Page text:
Diary of an EHV-1 Survivor

Twenty-year-old Radar "just wasn’t looking right" when he came in from the pasture on April 6, recalls his owner, Bill McCarthy, PhD. "When I picked his feet up to pick them out, he would just fall into me," said McCarthy. "The next day the state came out and diagnosed him with the virus (equine herpesvirus type one, or EHV-1)."


Dr. Bill McCarthy stayed with Radar as the horse made his recovery (above). Radar spent much of his illness in a sling on loan from Days End Farm Horse Rescue (below).



Radar has completely recovered from his bout with EHV-1 and McCarthy expects to be riding the horse by this fall.

Radar was one of nine horses at the Columbia Horse Center in Columbia, Md., to be stricken with neurologic EHV-1. Of the nine, only three survived, including Radar.

"It was like the Andromeda Strain," said McCarthy of the scene at the horse farm. "It was frightening. We had to wear special gowns, use 10% bleach foot baths, and spray ourselves down after we left the farm--everything to try and minimize contamination.

"It looked really bad in the beginning," said McCarthy. "Radar was a strange case. He never had a fever, never looked sick. The day before he was out in the paddock running and playing. That night when they brought him in, he was beginning to look a little depressed and lethargic, and he had a strange look. When I picked his feet that night he was shaky and leaning into me. That next morning he was completely neurologic."

McCarthy says an EHV-affected horse looks like it has mad cow disease. "They have no control over their hind end and the disease slowly but surely works its way forward," recalled McCarthy. "The vet said if Radar could make it through the first 48 hours, he would have a 50/50 chance, but that chance doesn’t mean much. It took a while before we were able to see something that said Radar was going to make it."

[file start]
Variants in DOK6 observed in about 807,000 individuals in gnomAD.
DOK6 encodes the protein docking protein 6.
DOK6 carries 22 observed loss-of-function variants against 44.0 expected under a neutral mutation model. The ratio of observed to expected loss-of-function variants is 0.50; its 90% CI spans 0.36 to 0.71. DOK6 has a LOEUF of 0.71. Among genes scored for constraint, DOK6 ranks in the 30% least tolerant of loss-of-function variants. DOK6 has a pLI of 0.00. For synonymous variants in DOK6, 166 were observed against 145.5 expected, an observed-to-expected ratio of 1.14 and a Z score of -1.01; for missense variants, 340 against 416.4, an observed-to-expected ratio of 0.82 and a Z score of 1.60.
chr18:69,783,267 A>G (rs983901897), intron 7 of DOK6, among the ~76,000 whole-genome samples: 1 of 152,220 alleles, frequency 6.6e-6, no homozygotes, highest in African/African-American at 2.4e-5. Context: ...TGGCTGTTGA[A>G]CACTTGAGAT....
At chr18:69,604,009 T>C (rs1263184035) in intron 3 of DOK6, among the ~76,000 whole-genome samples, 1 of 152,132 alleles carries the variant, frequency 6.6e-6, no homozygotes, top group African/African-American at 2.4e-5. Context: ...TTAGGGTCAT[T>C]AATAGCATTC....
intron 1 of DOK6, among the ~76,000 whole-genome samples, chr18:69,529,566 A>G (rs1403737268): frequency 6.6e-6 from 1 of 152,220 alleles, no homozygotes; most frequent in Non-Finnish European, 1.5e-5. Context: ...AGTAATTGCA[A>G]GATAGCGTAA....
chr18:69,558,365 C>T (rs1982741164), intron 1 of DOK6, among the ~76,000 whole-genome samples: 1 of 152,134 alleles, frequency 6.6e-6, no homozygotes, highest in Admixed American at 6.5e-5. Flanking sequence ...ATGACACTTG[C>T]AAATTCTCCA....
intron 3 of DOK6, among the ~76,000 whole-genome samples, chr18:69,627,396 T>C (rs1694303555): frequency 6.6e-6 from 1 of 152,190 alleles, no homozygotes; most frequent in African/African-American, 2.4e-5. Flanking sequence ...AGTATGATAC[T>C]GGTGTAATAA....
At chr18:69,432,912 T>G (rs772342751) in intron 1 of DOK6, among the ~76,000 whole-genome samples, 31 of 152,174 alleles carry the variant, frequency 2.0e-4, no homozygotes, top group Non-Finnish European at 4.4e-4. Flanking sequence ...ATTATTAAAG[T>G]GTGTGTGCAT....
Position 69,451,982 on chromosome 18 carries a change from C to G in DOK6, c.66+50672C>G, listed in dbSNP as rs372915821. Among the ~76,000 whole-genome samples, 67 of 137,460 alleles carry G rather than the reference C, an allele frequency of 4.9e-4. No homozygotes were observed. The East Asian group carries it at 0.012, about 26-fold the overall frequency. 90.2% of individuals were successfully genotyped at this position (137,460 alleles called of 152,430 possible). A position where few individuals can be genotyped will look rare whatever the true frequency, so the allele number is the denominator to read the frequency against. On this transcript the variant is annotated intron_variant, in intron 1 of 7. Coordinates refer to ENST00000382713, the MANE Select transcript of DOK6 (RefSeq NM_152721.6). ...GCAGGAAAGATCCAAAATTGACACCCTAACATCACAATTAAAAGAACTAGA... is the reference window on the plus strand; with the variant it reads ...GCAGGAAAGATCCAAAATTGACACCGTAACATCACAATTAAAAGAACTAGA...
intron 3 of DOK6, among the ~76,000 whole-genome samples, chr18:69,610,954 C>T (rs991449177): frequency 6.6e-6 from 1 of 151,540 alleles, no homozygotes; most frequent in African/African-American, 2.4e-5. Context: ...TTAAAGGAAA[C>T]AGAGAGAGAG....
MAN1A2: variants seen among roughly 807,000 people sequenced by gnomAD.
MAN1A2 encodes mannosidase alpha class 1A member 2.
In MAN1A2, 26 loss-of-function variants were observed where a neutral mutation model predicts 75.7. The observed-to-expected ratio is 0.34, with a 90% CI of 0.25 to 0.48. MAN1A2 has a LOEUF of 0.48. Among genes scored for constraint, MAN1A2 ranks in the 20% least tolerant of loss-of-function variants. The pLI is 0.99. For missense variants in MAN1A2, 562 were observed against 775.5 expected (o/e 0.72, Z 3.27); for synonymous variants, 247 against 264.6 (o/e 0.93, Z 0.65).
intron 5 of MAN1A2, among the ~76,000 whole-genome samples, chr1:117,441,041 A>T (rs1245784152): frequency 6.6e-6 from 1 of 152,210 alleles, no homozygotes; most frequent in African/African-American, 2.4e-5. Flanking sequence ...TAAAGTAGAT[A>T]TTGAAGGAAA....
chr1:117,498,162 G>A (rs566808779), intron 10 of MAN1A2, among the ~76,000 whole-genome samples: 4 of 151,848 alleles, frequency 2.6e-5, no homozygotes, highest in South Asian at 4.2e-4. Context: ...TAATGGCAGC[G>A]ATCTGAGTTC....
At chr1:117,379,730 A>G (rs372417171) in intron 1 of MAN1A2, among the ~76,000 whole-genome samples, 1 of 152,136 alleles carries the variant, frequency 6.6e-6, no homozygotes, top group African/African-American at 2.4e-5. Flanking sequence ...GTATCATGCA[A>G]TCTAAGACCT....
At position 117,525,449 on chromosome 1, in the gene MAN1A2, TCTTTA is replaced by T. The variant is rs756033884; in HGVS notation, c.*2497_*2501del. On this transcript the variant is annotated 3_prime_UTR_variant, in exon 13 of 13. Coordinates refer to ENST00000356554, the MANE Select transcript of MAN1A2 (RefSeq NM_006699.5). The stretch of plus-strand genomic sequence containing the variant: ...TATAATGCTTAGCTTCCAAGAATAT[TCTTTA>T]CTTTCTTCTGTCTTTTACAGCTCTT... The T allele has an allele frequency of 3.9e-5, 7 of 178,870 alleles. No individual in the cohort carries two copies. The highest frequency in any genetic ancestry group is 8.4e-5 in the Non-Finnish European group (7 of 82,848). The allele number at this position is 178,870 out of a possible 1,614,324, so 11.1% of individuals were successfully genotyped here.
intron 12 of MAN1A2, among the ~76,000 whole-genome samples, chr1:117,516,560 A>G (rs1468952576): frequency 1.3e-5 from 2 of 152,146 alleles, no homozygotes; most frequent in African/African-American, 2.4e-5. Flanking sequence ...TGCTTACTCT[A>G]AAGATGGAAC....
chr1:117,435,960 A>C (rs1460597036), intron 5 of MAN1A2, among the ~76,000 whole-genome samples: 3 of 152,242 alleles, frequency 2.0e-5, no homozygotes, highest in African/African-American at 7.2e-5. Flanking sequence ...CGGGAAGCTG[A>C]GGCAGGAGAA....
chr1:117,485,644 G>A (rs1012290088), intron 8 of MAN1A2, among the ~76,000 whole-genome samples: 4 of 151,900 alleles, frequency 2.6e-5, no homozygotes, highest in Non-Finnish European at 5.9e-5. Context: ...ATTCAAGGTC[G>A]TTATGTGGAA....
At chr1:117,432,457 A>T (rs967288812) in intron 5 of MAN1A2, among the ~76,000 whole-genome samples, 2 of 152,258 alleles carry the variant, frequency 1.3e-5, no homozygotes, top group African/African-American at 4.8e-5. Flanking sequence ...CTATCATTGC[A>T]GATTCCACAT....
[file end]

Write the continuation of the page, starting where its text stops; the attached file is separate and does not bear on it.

McCarthy explained Radar’s slow recovery process once the horse was diagnosed with EHV-1. "As soon as the neurologic signs were noticed, we placed Radar in a standing stall. He couldn’t move around, but he stayed up," he said. The standing stall was created out of a two-horse trailer divider and used to pin Radar up against the stall wall. He was housed in the stall from April 7-12.

Radar was also fitted with an intravenous (IV) line, through which DMSO (dimethyl sulfoxide) was administered as a systemic anti-inflammatory medication to try and minimize the paralysis. "Two or three hours after the IV was put in, there were some changes, and within a day he was able to salivate a little and drink some water," said McCarthy. Radar was removed from the IV after five days when the paralysis eased up in his throat and he was able to chew feed and drink water.

Acyclovir, an antiviral drug that helps boost the immune system and keep the viral disease from replicating, was also given to Radar. "I would feed him the drug mixed with grain and molasses," said McCarthy.

To help Radar rest, an Anderson sling was assembled in his stall. "Days End Farm Horse Rescue here in Maryland loaned us the Anderson sling an hour after the Horse Center called them," said McCarthy. "They came down and set it up for us and showed us how to use it.

"It was a slow healing process," he said. "We started to gradually lower the sling so he could take more and more of his weight. Then we loosened it so he could start to move around more. We actually got to the point (on April 15) where we could hold the sling by the straps and we would walk him a little down the aisle. Then we let him out of the sling during the day to stand in his stall, but at night we put him back into the sling.

"On April 19 we decided to see what he would do at night," he recalled. "I just sat in front of the stall watching. Radar circled around a little bit in the stall. I could tell he wanted to lie down and sleep. Eventually he lowered himself and went down. He was very weak and shaky and just fell. He grunted a little bit, rolled, then 20 minutes later he just popped back up. That is when I knew he was going to make it."

McCarthy continued to help Radar regain his strength by taking him on short walks in the indoor arena beginning on April 23, and they gradually built up the pace and time spent exercising. McCarthy let Radar loose in the indoor on April 28, and Radar was allowed to graze in a small outdoor paddock on May 8. By May 14, Radar was turned out in a paddock with a few of his friends, and he was back to a normal turnout schedule the beginning of June.

As for riding, McCarthy plans on having Radar fit enough to begin under saddle work in the fall. "I could probably speed up the process, but my veterinarian said it is best not to rush him," said McCarthy. "Any stressors can cause additional problems, and with a 20-year-old, you have to be more careful."

About the Author

Marcella M. Reca Zipp, MS

Marcella Reca Zipp, M.S., is a former staff writer for The Horse. She is completing her doctorate in Environmental Education and researching adolescent relationships with horses and nature. She lives with her family, senior horse, and flock of chickens on an island in the Chain O'Lakes.

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